Rest Day Read (SR-33)
Rip Van Winkle by Washington Irving
"Whoever has made a voyage up the Hudson must remember the Kaatskill mountains. They are a dismembered branch of the great Appalachian family, and are seen away to the west of the river, swelling up to a noble height, and lording it over the surrounding country. Every change of season, every change of weather, indeed, every hour of the day, produces some change in the magical hues and shapes of these mountains, and they are regarded by all the good wives, far and near, as perfect barometers. When the weather is fair and settled, they are clothed in blue and purple, and print their bold outlines on the clear evening sky, but, sometimes, when the rest of the landscape is cloudless, they will gather hood of gray vapors about their summits, which, in the last rays of the setting sun, will glow and light up like a crown of glory."
Washington Irving not only wrote great stories, but his descriptive narrative virtually takes the reader away to simpler days and transports one right smack into the middle of the Hudson River valley. Look above at the way he described the Kaatskill Mountains. Beautiful stuff.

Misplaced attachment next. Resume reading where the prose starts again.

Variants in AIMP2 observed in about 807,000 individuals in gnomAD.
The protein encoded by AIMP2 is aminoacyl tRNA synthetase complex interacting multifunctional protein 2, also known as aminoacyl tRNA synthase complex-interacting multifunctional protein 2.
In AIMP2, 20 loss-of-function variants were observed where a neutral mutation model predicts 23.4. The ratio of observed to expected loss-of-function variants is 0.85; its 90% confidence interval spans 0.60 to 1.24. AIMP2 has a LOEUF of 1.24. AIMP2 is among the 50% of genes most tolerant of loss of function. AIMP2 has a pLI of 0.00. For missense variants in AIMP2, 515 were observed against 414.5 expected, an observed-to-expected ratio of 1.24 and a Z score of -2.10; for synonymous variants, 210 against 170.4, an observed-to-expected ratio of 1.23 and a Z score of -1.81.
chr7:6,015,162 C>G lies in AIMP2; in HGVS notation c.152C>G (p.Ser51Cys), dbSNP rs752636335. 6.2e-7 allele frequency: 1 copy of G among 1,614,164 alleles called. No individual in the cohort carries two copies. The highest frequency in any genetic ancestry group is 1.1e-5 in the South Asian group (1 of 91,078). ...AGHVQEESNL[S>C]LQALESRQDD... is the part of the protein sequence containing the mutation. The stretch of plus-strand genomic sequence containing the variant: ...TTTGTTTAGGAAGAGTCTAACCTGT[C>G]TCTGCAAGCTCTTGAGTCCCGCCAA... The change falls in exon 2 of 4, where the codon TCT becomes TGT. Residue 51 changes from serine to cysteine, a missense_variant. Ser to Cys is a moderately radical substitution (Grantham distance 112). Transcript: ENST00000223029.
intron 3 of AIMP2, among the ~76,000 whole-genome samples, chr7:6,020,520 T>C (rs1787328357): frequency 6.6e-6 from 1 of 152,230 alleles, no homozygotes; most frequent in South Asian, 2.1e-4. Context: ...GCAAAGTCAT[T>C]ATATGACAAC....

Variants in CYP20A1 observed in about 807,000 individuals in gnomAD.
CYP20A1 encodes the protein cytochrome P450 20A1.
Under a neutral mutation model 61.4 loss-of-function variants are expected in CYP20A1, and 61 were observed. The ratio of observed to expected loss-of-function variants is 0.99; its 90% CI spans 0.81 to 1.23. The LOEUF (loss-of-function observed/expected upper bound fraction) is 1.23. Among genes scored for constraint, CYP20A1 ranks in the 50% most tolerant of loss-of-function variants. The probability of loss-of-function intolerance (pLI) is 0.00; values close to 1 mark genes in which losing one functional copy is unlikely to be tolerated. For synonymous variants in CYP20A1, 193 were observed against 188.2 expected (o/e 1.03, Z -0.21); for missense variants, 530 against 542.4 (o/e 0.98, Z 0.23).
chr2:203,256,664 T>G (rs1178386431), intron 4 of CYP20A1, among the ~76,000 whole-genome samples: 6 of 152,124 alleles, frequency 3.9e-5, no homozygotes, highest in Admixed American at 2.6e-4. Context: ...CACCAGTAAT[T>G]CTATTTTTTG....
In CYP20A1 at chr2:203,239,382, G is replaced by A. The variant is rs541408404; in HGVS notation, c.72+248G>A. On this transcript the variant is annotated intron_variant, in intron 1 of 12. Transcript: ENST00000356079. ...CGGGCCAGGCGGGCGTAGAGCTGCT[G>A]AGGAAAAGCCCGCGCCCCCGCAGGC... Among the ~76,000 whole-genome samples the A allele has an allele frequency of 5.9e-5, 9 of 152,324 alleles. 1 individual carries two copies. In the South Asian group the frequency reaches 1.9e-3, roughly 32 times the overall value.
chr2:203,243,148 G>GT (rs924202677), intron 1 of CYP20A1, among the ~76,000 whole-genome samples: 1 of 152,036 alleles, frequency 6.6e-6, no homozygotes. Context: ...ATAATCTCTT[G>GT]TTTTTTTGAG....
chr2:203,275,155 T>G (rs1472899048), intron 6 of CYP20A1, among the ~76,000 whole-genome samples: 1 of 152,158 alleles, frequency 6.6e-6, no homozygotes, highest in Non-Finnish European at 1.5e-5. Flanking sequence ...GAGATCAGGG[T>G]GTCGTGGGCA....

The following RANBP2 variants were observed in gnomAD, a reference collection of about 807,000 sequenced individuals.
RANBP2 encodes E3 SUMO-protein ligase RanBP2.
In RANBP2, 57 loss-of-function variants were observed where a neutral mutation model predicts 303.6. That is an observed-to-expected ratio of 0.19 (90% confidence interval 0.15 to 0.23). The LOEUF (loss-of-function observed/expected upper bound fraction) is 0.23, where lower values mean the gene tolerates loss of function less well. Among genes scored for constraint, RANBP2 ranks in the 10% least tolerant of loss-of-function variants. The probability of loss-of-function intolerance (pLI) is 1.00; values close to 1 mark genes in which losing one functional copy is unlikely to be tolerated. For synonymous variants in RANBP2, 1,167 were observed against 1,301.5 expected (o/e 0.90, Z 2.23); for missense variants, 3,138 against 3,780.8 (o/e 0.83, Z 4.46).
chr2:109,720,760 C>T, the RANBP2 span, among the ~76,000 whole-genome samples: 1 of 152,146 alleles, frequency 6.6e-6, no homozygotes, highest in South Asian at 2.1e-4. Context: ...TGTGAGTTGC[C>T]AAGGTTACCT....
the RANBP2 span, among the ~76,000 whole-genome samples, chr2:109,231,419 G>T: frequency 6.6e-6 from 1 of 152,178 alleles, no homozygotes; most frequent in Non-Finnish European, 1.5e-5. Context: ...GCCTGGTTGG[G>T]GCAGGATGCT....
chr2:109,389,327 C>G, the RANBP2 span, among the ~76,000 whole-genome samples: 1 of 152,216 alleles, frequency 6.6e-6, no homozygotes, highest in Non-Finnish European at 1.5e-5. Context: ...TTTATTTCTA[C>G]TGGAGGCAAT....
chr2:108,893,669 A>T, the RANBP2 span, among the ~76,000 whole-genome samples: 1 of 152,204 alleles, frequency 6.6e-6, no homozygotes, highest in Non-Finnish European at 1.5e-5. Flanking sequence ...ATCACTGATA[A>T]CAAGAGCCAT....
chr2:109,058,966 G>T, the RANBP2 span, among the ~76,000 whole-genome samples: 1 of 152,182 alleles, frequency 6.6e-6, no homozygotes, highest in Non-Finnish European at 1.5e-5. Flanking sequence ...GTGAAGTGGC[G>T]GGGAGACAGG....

Rip Van Winkle and The Legend of Sleepy Hollow are foundations of the American short story canon and are two of my all time favorite reads. There are very few characters ever set to paper which are as sympathetic as Rip Van Winkle and his trusty dog, Wolf. I think I would really enjoy sitting around Vedder's Inn and deliberate the day away. How about you?
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